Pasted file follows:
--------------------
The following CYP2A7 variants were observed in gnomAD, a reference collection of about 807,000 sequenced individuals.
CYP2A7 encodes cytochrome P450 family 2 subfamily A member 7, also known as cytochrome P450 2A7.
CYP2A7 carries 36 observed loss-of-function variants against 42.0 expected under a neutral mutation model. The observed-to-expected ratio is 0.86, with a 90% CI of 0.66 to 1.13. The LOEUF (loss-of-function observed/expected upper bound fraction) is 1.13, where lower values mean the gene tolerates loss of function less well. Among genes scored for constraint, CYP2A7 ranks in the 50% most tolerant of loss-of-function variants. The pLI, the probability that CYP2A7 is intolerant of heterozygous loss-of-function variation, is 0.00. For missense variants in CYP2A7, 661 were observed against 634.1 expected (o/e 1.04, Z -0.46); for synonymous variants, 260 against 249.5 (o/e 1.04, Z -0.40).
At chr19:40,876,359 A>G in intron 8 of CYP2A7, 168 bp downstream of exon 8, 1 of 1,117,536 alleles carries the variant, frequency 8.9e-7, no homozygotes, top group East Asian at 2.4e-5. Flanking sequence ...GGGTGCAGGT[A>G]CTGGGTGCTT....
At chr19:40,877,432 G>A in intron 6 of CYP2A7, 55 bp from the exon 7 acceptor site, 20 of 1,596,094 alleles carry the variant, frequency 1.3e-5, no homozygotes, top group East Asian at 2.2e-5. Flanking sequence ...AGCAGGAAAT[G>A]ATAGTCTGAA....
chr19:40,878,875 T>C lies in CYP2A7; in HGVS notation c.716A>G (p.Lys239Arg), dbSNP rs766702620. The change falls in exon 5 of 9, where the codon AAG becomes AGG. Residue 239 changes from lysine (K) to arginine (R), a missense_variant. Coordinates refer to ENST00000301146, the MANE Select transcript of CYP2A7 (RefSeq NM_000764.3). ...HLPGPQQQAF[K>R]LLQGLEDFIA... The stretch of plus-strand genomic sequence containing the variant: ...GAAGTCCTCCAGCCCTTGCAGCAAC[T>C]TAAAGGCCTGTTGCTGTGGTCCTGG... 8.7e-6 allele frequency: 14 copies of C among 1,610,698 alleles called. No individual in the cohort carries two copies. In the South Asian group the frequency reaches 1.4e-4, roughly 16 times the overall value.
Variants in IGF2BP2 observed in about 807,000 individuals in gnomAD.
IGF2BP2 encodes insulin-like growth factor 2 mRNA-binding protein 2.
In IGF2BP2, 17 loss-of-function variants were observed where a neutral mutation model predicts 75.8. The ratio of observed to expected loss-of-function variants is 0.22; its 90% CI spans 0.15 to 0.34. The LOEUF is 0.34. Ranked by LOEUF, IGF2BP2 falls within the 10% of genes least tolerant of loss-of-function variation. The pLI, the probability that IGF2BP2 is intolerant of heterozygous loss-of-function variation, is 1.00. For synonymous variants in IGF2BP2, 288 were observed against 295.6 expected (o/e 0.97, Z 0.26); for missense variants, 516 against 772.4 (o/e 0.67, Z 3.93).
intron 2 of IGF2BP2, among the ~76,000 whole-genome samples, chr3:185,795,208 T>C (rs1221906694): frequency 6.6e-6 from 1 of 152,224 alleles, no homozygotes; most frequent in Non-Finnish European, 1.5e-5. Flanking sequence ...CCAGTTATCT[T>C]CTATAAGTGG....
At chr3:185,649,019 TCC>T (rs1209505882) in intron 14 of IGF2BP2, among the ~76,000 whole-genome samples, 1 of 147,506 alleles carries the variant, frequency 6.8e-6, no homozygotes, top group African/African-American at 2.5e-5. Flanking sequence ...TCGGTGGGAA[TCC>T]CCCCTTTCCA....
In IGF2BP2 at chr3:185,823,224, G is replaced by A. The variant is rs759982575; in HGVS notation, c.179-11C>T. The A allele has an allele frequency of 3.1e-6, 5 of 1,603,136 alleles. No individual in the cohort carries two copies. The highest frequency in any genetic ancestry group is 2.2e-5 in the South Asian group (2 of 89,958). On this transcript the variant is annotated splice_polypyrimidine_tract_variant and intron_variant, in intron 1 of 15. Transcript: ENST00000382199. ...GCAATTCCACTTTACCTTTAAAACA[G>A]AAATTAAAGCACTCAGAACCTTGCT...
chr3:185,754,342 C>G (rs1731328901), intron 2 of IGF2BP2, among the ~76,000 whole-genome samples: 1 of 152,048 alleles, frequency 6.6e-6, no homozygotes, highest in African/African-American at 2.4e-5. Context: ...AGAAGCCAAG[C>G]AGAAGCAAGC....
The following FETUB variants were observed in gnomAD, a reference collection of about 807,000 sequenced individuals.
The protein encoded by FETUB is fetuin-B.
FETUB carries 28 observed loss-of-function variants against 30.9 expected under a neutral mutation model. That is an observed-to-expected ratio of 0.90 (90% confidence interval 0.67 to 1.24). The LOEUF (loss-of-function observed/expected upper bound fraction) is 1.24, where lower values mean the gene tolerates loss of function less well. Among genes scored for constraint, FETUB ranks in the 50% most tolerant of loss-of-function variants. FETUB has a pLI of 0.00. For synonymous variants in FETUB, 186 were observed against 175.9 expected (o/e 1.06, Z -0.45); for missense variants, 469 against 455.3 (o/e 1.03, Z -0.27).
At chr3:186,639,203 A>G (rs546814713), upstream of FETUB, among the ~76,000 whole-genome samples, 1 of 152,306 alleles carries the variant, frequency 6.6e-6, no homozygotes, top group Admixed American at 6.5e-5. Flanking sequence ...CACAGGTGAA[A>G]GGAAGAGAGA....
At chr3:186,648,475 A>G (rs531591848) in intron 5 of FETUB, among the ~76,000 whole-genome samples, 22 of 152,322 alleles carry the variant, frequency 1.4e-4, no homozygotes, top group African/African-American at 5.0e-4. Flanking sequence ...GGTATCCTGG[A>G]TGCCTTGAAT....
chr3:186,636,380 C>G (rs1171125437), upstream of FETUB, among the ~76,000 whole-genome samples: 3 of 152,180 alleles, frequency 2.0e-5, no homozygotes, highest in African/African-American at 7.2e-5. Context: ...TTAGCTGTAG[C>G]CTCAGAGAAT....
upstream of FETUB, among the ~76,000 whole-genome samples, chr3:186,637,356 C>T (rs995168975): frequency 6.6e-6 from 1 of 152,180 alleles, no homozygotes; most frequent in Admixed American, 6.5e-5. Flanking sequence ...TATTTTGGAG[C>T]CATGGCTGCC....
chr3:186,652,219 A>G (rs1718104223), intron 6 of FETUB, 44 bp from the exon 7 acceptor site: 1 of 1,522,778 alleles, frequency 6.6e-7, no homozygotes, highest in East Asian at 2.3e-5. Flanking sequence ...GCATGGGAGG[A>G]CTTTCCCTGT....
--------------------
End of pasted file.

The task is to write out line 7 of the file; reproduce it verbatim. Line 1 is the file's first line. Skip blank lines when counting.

Variants in IGF2BP2 observed in about 807,000 individuals in gnomAD.